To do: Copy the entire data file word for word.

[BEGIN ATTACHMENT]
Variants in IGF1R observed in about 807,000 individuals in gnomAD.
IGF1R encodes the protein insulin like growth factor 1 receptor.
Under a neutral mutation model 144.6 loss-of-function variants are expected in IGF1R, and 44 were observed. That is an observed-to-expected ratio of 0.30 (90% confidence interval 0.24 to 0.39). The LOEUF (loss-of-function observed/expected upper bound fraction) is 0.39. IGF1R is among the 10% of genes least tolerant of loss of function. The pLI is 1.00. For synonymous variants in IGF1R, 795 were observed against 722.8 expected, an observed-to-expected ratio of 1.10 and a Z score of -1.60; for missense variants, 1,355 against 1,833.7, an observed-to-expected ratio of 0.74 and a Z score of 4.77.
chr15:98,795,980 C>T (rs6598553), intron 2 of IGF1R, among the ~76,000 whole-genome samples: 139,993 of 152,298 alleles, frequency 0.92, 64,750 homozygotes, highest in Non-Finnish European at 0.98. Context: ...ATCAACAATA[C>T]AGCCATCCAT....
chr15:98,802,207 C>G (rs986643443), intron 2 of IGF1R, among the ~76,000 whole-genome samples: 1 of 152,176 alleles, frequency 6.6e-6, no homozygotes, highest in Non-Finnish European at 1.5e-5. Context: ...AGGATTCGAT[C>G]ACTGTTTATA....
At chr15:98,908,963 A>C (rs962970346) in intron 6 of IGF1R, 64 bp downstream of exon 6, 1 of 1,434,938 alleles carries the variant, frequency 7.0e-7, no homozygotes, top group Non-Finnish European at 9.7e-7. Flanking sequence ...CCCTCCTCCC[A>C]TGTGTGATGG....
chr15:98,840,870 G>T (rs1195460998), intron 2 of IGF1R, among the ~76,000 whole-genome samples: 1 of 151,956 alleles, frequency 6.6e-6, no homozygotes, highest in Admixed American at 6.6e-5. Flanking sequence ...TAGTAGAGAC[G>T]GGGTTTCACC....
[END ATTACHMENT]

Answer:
Variants in IGF1R observed in about 807,000 individuals in gnomAD.
IGF1R encodes the protein insulin like growth factor 1 receptor.
Under a neutral mutation model 144.6 loss-of-function variants are expected in IGF1R, and 44 were observed. That is an observed-to-expected ratio of 0.30 (90% confidence interval 0.24 to 0.39). The LOEUF (loss-of-function observed/expected upper bound fraction) is 0.39. IGF1R is among the 10% of genes least tolerant of loss of function. The pLI is 1.00. For synonymous variants in IGF1R, 795 were observed against 722.8 expected, an observed-to-expected ratio of 1.10 and a Z score of -1.60; for missense variants, 1,355 against 1,833.7, an observed-to-expected ratio of 0.74 and a Z score of 4.77.
chr15:98,795,980 C>T (rs6598553), intron 2 of IGF1R, among the ~76,000 whole-genome samples: 139,993 of 152,298 alleles, frequency 0.92, 64,750 homozygotes, highest in Non-Finnish European at 0.98. Context: ...ATCAACAATA[C>T]AGCCATCCAT....
chr15:98,802,207 C>G (rs986643443), intron 2 of IGF1R, among the ~76,000 whole-genome samples: 1 of 152,176 alleles, frequency 6.6e-6, no homozygotes, highest in Non-Finnish European at 1.5e-5. Context: ...AGGATTCGAT[C>G]ACTGTTTATA....
At chr15:98,908,963 A>C (rs962970346) in intron 6 of IGF1R, 64 bp downstream of exon 6, 1 of 1,434,938 alleles carries the variant, frequency 7.0e-7, no homozygotes, top group Non-Finnish European at 9.7e-7. Flanking sequence ...CCCTCCTCCC[A>C]TGTGTGATGG....
chr15:98,840,870 G>T (rs1195460998), intron 2 of IGF1R, among the ~76,000 whole-genome samples: 1 of 151,956 alleles, frequency 6.6e-6, no homozygotes, highest in Admixed American at 6.6e-5. Flanking sequence ...TAGTAGAGAC[G>T]GGGTTTCACC....